Breast Cancer Metastasis to Bone Affects Osteoblast Differentiation
Annual summary rept. 15 Apr 2003-14 Apr 2004
PENNSYLVANIA STATE UNIV UNIVERSITY PARK
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Breast cancer fatally metastasizes to bone and activates osteoclasts, cells that resorb bone, resulting in the formation of osteolytic lesions. Certain drugs, bisphosphonates, slow the action of osteoclasts, however, the bone lesions are not repaired. The osteoblasts should be able to repair the lesions by synthesizing new bone matrix. Instead, these cells appear to be inactivated by breast cancer, and the lesions do not heal. The purpose of this proposal is to understand what happens to osteoblasts in the presence of breast cancer. We hypothesize that breast cancer cells prevent pre- osteoblasts from completely maturing to osteoblasts. Our goals are to examine the effects of breast cancer cells on osteoblast proliferation, differentiation, and mature function. Using an osteoblast cell line and metastatic breast cancer cells, we found that conditioned medium from breast cancer cells inhibited osteoblast differentiation, as demonstrated by an inhibition of alkaline phosphatase, bone sialoprotein, and osteocalcin mRNA expression, and an inhibition of mineralization. We found that these effects on differentiation are mediated through TGFbeta present in the conditioned medium. We also found that MDA-MB-231 conditioned medium altered osteoblast adhesion. Over the next year, we will further characterize these observations.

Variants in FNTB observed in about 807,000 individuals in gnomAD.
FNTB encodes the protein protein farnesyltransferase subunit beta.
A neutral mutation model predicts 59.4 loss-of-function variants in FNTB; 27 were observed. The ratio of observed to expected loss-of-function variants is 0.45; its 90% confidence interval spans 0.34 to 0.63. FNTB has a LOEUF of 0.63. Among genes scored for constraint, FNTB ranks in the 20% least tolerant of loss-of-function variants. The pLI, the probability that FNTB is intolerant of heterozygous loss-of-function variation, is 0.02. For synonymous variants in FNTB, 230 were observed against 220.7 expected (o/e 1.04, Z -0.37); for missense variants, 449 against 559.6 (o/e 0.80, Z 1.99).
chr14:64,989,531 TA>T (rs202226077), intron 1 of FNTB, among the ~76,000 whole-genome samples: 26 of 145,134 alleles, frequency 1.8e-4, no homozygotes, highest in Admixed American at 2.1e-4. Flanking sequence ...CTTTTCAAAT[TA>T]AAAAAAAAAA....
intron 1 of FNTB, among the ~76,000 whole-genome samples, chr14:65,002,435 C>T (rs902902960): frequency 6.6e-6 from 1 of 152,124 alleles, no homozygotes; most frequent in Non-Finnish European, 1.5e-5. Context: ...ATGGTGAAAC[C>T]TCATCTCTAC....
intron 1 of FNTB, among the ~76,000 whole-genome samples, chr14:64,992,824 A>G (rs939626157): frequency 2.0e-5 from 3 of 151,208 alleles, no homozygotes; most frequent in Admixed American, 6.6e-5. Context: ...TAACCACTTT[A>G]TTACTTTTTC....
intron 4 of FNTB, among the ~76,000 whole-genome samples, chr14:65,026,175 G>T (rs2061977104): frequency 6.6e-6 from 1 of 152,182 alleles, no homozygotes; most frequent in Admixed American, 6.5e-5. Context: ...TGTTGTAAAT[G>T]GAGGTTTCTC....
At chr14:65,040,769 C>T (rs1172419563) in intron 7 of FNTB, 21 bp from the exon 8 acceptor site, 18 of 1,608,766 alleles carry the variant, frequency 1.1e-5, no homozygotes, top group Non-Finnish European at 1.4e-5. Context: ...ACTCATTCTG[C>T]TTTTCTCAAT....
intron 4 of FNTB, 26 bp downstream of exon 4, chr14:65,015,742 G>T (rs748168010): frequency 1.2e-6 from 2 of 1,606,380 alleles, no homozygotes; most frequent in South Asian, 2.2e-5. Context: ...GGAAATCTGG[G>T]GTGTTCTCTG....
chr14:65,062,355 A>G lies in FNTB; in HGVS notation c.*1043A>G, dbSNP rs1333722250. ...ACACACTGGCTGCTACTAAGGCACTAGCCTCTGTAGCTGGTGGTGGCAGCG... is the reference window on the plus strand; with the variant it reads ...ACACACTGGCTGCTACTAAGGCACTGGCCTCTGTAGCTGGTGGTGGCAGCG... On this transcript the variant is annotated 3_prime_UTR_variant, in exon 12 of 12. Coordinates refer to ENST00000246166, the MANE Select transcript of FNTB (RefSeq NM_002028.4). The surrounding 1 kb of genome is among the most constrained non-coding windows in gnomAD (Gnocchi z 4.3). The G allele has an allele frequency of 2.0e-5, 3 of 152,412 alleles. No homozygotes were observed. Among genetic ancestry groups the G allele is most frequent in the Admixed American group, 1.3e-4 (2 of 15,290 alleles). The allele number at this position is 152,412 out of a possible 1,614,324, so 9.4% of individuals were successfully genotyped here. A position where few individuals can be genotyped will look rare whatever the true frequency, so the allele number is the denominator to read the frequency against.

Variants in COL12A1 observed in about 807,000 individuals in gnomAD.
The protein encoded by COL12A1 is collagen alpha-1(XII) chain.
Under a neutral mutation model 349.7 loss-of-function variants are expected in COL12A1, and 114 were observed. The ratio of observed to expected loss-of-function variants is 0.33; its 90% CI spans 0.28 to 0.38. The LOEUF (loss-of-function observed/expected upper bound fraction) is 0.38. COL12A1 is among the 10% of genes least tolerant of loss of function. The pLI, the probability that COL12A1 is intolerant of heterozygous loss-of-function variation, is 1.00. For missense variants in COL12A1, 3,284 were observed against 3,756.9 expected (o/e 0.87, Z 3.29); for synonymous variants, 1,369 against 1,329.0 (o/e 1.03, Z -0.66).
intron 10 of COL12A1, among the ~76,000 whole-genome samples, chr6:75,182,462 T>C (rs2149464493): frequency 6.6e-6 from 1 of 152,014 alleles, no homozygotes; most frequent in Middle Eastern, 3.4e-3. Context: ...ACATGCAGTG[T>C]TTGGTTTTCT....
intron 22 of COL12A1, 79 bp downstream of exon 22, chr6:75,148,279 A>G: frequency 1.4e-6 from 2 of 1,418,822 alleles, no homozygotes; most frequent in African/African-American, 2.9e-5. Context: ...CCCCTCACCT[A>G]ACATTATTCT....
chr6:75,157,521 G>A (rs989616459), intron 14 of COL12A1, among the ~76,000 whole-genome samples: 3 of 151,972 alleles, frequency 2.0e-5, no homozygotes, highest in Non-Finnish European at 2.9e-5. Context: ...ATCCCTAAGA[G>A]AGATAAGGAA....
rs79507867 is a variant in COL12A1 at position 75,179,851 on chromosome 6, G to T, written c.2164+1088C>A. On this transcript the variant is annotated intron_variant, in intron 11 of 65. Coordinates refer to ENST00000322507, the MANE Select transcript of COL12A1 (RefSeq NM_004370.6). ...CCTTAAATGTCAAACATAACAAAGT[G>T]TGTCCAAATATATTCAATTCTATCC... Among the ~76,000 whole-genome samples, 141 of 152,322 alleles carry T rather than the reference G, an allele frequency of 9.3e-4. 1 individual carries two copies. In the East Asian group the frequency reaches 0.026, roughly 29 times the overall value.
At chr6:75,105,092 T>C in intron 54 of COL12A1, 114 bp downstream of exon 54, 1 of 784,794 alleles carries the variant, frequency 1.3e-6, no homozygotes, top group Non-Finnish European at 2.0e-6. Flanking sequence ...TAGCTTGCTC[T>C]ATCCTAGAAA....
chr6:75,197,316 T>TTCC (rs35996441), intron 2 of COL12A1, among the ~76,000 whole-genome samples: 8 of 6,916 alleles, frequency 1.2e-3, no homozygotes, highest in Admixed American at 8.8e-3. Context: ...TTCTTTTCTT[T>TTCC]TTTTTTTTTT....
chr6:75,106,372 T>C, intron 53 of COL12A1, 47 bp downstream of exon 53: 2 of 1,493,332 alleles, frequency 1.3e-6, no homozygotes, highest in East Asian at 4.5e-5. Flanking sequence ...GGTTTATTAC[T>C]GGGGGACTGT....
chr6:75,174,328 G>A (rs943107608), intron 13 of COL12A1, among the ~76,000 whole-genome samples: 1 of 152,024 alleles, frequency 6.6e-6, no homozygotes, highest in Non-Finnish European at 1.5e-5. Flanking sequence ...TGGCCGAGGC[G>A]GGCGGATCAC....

- Medicine and Medical Research